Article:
- 9000
    links:
        - mysql
    volumes:
        - .:/var/www/html
        - /tmp/xdebug
    environment:
        XDEBUG_CONFIG: "remote_host=192.168.99.1"
        PHP_IDE_CONFIG: "serverName=XDEBUG"

phpmyadmin:
    image: phpmyadmin/phpmyadmin
    ports:
        - 8080:80
    links:
        - mysql
    environment:
        PMA_HOST: mysql

webgrind:
    image: devgeniem/webgrind
    ports:
        - 8081:80
    volumes_from:
        - php
    environment:
        XDEBUG_OUTPUT_DIR: "/tmp/xdebug"

WP Transients must be used responsibly

We ran into an interesting issue with WooCommerce at work. First, here is the subject of the support request we got from our hosting provider:

The site is generating ~150MB/sec of transaction logs, filling 500GB of diskspace

Holy. Shit. A WordPress site should not be generating that much data. 150MB per second? Wow.

How? Why?

The simple explanation is that there is a bottleneck in WooCommerce with the filtered layer nav query objects using single transient record.

// We have a query - let's see if cached results of this query already exist.
$query_hash    = md5( $query );
$cached_counts = (array) get_transient( 'wc_layered_nav_counts' );

if ( ! isset( $cached_counts[ $query_hash ] ) ) {
    $results                      = $wpdb->get_results( $query, ARRAY_A );
    $counts                       = array_map( 'absint', wp_list_pluck( $results, 'term_count', 'term_count_id' ) );
    $cached_counts[ $query_hash ] = $counts;
    set_transient( 'wc_layered_nav_counts', $cached_counts, DAY_IN_SECONDS );
}

What is happening here is that a sql query based on the currently selected filters is hashed and shoved into an array that is saved to a single transient record. This means that every single interaction with the filters requires a read and possible write to a single transient record. A site with any sort of traffic and let’s say 9 filter widgets (with around 50 total options) will potentially generate a huge amount of unique queries. It is no wonder why we are pushing 150MB/s.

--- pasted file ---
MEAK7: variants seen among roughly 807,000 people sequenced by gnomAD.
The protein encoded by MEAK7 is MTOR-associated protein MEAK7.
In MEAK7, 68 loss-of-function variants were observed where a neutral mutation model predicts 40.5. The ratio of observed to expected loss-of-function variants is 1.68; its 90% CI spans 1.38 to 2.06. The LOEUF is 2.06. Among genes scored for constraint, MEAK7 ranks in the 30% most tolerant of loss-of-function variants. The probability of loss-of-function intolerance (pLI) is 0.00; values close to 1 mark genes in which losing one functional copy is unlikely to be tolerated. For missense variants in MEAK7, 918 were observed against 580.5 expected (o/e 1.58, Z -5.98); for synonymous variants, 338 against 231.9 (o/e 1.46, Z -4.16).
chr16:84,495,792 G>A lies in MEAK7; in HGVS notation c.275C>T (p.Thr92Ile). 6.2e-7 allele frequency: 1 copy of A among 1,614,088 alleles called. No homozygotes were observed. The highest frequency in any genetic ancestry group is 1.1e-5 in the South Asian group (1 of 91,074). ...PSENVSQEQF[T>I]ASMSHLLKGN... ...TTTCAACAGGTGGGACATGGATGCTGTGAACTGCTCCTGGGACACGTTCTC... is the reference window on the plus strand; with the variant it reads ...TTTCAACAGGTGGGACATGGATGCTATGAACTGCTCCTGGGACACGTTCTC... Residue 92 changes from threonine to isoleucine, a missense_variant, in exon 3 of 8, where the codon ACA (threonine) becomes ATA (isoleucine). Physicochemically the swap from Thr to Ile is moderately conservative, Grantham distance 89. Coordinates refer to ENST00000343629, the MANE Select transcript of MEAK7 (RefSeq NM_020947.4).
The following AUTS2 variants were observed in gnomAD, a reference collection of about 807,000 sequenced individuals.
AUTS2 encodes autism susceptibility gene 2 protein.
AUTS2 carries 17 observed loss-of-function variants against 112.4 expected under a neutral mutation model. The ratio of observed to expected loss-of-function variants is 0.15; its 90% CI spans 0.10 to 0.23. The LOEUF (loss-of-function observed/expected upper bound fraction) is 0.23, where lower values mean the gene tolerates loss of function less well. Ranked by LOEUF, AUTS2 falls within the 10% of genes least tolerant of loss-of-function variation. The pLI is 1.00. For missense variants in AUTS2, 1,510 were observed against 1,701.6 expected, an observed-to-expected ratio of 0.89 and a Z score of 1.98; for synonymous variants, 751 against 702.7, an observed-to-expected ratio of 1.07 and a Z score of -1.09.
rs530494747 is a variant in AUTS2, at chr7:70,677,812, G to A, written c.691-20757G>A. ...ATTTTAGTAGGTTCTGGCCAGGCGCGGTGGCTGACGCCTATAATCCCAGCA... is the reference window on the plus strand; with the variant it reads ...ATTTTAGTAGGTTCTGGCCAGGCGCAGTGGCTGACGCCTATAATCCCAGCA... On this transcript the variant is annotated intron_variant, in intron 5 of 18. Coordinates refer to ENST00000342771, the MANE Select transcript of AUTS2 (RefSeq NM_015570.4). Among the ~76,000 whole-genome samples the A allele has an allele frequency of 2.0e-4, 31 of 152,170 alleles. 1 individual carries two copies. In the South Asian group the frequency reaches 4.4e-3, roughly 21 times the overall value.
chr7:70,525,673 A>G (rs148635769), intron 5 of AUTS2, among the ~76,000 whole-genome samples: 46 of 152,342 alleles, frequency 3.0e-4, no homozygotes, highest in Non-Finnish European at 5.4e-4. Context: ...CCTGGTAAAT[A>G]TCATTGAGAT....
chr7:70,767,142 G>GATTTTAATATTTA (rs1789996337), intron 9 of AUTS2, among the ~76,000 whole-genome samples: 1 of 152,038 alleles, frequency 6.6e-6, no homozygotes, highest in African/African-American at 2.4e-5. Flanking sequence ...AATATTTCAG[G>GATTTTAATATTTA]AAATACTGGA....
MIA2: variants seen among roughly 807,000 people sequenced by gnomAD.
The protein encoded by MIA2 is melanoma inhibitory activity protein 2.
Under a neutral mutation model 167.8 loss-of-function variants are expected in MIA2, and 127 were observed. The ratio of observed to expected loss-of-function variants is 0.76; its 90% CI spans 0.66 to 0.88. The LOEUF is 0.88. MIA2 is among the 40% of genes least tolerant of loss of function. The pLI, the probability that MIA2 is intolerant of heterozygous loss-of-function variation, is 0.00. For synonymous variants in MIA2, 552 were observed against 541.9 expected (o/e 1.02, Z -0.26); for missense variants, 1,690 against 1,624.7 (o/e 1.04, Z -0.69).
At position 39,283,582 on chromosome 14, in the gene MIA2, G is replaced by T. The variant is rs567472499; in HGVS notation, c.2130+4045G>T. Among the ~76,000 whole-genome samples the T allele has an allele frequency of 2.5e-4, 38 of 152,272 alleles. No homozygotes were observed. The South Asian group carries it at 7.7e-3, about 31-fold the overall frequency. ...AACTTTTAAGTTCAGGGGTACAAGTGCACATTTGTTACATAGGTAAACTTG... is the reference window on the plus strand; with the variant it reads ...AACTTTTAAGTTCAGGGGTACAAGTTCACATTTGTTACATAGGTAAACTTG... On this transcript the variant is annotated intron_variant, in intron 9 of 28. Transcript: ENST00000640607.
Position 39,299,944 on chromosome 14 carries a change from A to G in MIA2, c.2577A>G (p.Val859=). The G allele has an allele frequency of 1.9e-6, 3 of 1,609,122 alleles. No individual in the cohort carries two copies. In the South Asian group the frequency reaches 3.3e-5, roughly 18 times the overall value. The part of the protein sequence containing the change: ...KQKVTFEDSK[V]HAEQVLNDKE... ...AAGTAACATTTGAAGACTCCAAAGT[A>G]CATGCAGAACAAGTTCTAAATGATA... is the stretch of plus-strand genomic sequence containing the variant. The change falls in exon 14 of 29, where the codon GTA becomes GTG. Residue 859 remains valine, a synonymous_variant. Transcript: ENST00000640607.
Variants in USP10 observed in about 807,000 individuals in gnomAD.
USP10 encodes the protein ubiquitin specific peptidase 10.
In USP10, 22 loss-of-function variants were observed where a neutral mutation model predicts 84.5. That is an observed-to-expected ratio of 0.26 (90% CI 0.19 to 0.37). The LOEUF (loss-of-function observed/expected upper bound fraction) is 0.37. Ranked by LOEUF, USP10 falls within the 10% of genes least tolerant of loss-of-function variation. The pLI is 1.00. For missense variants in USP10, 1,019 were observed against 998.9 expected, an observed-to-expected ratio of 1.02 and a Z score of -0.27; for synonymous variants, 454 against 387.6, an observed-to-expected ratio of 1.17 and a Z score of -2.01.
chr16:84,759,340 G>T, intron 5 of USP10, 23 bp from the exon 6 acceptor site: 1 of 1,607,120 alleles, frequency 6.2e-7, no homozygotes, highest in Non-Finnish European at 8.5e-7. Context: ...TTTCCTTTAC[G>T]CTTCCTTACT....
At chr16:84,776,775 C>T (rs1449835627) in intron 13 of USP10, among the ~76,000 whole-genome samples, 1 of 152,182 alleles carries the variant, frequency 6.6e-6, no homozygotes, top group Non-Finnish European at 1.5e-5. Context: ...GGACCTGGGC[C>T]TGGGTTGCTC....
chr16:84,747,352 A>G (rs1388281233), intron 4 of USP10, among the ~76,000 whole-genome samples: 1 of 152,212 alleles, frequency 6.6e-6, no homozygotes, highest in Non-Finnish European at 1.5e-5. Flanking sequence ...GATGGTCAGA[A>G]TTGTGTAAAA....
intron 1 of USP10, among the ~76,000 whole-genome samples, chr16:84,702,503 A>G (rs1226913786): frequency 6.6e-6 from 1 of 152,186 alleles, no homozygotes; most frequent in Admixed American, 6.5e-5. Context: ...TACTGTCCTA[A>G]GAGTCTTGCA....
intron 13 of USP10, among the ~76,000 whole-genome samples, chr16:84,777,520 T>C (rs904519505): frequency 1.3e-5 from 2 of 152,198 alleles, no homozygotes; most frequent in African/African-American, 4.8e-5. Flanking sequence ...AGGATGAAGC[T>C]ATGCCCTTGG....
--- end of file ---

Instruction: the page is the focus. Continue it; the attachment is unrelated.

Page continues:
Our quick, temporary, patch was to simply remove the transient.

// We have a query - let's see if cached results of this query already exist.
$query_hash    = md5( $query );
$cached_counts = array();
$results                      = $wpdb->get_results( $query, ARRAY_A );
$counts                       = array_map( 'absint', wp_list_pluck( $results, 'term_count', 'term_count_id' ) );
$cached_counts[ $query_hash ] = $counts;

You can see the massive improvement in performance after removing the transients. We applied the patch around 9:47 am.

Object caching would probably help. I was surprised at how much of an improvement we saw by simply removing the transient.

I think a good solution here would be to use unique transients for each hashed query, and not a single transient for EVERY hashed query. It would work find on small WP installs and would scale.

I will try it out and see what we get and if the results are good I will submit a PR to the woocommerce devs.

update:

I said we should use transients responsibly. In this case, I would be creating potentially 15k additional (tiny) transient records. Is that more responsible than 1 massive 1mb transient?

WooCommerce devs has asked that I run some performance tests. Going to do so and report back!

update 2:

Not having any transients at all is better at scale in our case since the SQL query that is executed is not that heavy and we have some decent page caching via varnish. Also our MySQL server is well tuned. Every single request to a page with the layered nav will make N requests for the transient data. If data has to be written, that is N updates per request. This single record becomes a bottleneck as the field is locked while it is being written to. Redis or Memcache would be a a better solution. WP Transients are just bad on their own.